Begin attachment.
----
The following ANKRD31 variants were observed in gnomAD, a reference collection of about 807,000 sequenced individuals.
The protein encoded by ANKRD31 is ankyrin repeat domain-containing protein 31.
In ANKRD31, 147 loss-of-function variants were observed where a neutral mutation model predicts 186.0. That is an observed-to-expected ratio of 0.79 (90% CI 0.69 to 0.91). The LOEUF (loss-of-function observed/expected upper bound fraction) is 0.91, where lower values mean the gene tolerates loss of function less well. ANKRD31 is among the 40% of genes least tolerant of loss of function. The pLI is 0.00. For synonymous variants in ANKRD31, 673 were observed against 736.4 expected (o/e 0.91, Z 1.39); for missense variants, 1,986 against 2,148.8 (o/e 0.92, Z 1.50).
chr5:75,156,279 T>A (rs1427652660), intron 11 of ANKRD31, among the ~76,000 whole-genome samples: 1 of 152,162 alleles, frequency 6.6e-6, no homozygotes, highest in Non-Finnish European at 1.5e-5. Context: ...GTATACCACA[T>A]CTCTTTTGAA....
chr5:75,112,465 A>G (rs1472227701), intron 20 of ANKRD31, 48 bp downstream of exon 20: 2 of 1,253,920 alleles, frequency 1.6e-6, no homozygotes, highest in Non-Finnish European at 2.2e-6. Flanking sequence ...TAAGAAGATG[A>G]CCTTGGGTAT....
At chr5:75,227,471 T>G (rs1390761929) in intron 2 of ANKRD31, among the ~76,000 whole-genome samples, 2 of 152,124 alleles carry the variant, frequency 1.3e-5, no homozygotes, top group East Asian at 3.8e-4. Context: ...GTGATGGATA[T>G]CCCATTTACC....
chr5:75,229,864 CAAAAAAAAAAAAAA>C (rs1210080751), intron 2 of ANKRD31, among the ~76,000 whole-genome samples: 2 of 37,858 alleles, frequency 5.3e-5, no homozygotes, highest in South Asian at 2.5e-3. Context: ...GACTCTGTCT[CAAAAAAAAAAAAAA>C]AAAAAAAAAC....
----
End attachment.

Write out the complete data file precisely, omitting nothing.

The following ANKRD31 variants were observed in gnomAD, a reference collection of about 807,000 sequenced individuals.
The protein encoded by ANKRD31 is ankyrin repeat domain-containing protein 31.
In ANKRD31, 147 loss-of-function variants were observed where a neutral mutation model predicts 186.0. That is an observed-to-expected ratio of 0.79 (90% CI 0.69 to 0.91). The LOEUF (loss-of-function observed/expected upper bound fraction) is 0.91, where lower values mean the gene tolerates loss of function less well. ANKRD31 is among the 40% of genes least tolerant of loss of function. The pLI is 0.00. For synonymous variants in ANKRD31, 673 were observed against 736.4 expected (o/e 0.91, Z 1.39); for missense variants, 1,986 against 2,148.8 (o/e 0.92, Z 1.50).
chr5:75,156,279 T>A (rs1427652660), intron 11 of ANKRD31, among the ~76,000 whole-genome samples: 1 of 152,162 alleles, frequency 6.6e-6, no homozygotes, highest in Non-Finnish European at 1.5e-5. Context: ...GTATACCACA[T>A]CTCTTTTGAA....
chr5:75,112,465 A>G (rs1472227701), intron 20 of ANKRD31, 48 bp downstream of exon 20: 2 of 1,253,920 alleles, frequency 1.6e-6, no homozygotes, highest in Non-Finnish European at 2.2e-6. Flanking sequence ...TAAGAAGATG[A>G]CCTTGGGTAT....
At chr5:75,227,471 T>G (rs1390761929) in intron 2 of ANKRD31, among the ~76,000 whole-genome samples, 2 of 152,124 alleles carry the variant, frequency 1.3e-5, no homozygotes, top group East Asian at 3.8e-4. Context: ...GTGATGGATA[T>G]CCCATTTACC....
chr5:75,229,864 CAAAAAAAAAAAAAA>C (rs1210080751), intron 2 of ANKRD31, among the ~76,000 whole-genome samples: 2 of 37,858 alleles, frequency 5.3e-5, no homozygotes, highest in South Asian at 2.5e-3. Context: ...GACTCTGTCT[CAAAAAAAAAAAAAA>C]AAAAAAAAAC....